The Seven Beggars : The Oldest Man

As their hearts began to break with longing, a voice called out,

Here I am. I’ve brought you as your wedding present the blessing that I promised you, that you should grow up to be like me. And you will, you will live to be as old as me. I make this over to you, as an outright gift, no strings attached, yours forever, expressed directly, not in ambiguous hints.

It may be that the short form of my blessing, ‘May you grow up to be like me,’ gave you pause. You thought I was blind. In fact, I’m not blind at all, I only seem so because I don’t consider the whole physical world worth so much as a glance, not even for as long as it takes to blink.

And I am exceedingly old, but still as young as ever I was, for I haven’t begun to live. I have a sworn statement made under oath, an affidavit, to this effect, from the Great Eagle.

Once upon a time, a group of people set out in in ships. A tempest arose and shattered the whole fleet. They survived the shipwreck, washed up on the shore where a great tower stood. They went inside, climbed up the winding stairs, and found there food and drink and clothing, everything one could wish, in fact, all the good things and pleasures of the world. They decided that, to pass the time more merrily, each of them should tell an old story—the oldest story each of them knew, that is, the first thing they could remember ever having experienced. Since there were old and young among them, they decided, out of respect, that the oldest among them should be the first to tell his tale.

That elderly fellow said, “ What can I tell you? I still remember when the apple was cut from the branch.” No one really understood what this meant, but there were a number of scholars among them, and these wise persons declared, “That is indeed a tale from the distant past!”

Then they turned their attention to the second most ancient, who was only a little younger than the first, and he said, in tones of incredulity, “Is that what counts among you as a tale from the distant past? I remember that, and I also remember when the lamp still burned!” Everyone said this tale was even older than the first, and they marveled that although the second fellow was somewhat younger, he recalled an event that was even older that the first one had.

Then the third oldest was honored with an opportunity to speak. This one was even less ancient, and he said, “I remember how the fruit was formed before it became a fruit.” Everyone cried out, “That’s even older!” Then the fourth oldest, who was younger still, said, “I remember when they brought the seed that would someday produce the fruit.” Then the fifth eldest said, “I remember the wise men who invented the seed.” Then the sixth eldest said, “I remember the flavor of the fruit before it was in the fruit.” Then the seventh eldest said, “I remember the smell of the fruit before it was in the fruit.” Then the eighth eldest (the youngest one yet) said, “I remember the appearance of the fruit before it appeared as a fruit.”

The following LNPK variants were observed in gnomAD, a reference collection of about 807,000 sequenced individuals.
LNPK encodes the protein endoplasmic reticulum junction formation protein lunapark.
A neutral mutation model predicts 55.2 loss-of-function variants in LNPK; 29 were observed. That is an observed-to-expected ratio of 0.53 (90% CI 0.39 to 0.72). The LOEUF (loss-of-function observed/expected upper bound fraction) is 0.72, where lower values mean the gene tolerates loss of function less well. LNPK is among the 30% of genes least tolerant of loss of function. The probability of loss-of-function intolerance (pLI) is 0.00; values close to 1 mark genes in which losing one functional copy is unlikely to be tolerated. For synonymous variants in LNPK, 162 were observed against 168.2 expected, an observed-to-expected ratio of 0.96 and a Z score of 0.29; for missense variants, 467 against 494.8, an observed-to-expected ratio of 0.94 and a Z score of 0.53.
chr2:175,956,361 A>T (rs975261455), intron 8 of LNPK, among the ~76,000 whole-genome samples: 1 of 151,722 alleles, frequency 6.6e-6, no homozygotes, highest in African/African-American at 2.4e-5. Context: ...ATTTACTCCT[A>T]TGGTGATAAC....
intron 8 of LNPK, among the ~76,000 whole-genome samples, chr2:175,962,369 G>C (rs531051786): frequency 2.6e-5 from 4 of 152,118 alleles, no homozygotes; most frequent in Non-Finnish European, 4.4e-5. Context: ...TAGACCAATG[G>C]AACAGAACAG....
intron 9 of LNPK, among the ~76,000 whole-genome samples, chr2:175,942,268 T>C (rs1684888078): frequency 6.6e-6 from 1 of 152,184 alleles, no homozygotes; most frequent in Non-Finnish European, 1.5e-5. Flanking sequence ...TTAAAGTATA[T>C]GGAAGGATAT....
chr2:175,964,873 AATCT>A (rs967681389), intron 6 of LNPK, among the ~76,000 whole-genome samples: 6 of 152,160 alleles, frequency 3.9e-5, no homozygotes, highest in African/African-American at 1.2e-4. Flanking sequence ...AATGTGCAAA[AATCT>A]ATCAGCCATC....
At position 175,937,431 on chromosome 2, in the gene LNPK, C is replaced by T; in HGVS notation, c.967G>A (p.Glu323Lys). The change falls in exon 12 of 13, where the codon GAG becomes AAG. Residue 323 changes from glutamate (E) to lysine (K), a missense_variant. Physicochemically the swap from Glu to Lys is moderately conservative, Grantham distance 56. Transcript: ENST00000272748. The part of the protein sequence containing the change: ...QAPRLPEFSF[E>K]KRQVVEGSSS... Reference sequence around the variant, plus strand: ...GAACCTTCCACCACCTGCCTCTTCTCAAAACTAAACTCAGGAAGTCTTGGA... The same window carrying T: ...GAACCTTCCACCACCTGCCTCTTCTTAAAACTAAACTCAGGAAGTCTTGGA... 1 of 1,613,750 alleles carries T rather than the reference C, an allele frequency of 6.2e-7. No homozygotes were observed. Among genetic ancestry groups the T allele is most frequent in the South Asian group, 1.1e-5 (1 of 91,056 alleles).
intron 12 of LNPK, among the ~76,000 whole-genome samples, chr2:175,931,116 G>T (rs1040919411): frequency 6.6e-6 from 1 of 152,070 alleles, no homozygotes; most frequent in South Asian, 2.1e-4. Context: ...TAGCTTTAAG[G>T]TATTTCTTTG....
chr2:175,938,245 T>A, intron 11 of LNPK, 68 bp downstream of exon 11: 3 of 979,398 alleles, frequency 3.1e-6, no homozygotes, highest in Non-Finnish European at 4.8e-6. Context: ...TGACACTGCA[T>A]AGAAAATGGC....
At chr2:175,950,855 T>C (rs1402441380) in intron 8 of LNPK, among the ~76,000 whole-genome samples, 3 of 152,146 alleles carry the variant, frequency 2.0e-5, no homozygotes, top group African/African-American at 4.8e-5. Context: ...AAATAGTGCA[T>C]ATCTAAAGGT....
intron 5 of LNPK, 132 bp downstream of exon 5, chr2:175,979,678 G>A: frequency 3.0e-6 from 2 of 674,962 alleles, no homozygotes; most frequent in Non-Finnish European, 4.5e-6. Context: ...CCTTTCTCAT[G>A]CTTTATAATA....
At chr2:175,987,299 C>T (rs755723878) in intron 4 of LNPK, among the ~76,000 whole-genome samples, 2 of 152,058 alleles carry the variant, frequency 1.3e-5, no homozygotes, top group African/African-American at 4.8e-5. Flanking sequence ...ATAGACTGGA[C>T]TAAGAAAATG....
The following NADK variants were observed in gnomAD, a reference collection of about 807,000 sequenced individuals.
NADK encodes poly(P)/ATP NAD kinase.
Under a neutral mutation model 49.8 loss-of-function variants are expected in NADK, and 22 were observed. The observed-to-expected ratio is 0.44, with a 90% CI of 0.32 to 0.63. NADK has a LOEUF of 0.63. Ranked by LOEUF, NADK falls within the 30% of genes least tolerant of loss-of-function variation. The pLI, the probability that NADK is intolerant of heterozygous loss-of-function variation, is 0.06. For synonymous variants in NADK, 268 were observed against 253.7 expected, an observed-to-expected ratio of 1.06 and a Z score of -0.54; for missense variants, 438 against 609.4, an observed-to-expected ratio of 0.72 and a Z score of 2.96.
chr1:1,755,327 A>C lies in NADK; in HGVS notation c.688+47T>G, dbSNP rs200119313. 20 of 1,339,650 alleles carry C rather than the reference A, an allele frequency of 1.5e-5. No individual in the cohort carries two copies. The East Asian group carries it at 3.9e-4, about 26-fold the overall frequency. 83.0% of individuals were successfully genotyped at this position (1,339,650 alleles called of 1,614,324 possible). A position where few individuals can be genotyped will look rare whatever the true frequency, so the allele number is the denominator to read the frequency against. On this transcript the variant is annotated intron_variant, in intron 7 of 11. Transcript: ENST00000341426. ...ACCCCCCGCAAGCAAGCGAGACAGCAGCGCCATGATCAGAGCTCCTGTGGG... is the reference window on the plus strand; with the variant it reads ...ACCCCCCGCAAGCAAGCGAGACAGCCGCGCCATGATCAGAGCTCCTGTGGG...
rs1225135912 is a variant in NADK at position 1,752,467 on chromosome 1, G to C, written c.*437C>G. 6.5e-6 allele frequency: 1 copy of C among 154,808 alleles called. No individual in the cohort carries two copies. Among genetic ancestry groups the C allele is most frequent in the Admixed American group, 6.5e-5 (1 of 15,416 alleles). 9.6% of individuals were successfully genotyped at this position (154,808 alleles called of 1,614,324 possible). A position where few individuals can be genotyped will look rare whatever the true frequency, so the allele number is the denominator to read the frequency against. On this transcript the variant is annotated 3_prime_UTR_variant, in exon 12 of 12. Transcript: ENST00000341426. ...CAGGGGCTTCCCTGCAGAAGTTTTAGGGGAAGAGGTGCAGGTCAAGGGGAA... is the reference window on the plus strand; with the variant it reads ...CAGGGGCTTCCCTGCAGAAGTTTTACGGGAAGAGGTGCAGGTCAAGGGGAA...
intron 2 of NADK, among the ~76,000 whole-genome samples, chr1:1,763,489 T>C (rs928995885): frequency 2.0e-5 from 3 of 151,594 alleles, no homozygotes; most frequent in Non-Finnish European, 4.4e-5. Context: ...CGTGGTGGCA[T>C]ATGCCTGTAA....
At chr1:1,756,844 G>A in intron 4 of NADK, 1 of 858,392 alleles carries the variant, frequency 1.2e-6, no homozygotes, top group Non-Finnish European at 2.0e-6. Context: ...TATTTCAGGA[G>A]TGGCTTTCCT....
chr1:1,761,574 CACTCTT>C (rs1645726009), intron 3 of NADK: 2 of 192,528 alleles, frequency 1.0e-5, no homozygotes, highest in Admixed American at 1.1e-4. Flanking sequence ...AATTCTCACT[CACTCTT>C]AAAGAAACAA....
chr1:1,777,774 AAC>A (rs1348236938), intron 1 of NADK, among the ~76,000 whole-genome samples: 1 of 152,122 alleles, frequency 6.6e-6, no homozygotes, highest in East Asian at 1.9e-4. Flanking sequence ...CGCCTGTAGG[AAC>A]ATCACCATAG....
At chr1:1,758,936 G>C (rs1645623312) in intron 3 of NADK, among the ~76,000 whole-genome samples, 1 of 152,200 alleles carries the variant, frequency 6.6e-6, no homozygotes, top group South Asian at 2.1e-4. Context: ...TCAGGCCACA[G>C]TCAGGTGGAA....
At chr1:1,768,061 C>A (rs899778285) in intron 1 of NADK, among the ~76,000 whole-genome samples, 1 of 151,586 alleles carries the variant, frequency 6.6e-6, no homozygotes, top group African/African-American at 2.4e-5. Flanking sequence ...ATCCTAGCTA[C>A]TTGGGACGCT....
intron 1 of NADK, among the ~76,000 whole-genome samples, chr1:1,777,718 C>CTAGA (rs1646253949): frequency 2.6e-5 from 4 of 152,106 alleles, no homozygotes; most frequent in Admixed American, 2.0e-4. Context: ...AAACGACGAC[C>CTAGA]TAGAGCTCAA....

And I, who was just a child at the time (said the beggar who was recounting all this) , I was there too, and I said, “I remember all those things and I also remember nothing.” At this they all cried out, “Now that’s a really old story, older than all the others.” And they marveled that a child should remember something more ancient than even the oldest.

Meanwhile a Great Eagle came, who got their attention by striking the walls of the tower with his wings, and said, “Stop being poor! Return to your riches, make use of your wealth!” And he told them to leave the tower in order of age, oldest first, and thus he led them all out of the tower. He brought the child out first, because the child was in truth older than them all—judging by the depth of his recollection, and the oldest graybeard came out last of all, because he was, as it turned out, actually the youngest.

The Great Eagle said to them, “I will interpret all your memories. The one who remembered the cutting of the apple from the branch recalls the cutting of his umbilical cord right after he was born. The memory of when the light still burned is a memory from within the womb, for it is written in the Talmud that the unborn child still has the all- encompassing knowledge that was his when he was a disembodied spirit, and sees by the light of spiritual knowledge, which shines for it yet, like a lamp in the darkness of the its mother’s belly.

The memory of the fruit taking shape is the memory of the embryo forming. The planting of the seed is the ejaculation of the father’s sperm. The wise men who invented the seed are the erotic thoughts that were in the father’s mind. The taste, smell and appearance of the fruit are three aspects of the soul that entered into the embryo, in order of exaltedness. And the child who remembers nothing at all remembers what came before the soul had independent existence, separate from the mind of God.”

Then the Great Eagle said, “Return to your ships, which are in fact your bodies which were broken. They have been rebuilt. This is the Day of Resurrection, return to physical existence and be blessed.”

Then the Great Eagle said to me (that is, to the blind beggar who tells this tale), “You come with me, because you’re like me, very old and yet very young, you haven’t started to live and you are already ancient.”

And that’s my affidavit from the Great Eagle, and I’m authorized to make you this wedding present, a gift with no strings, yours forever, you will live to be as old as me. Everyone rejoiced and was truly happy.

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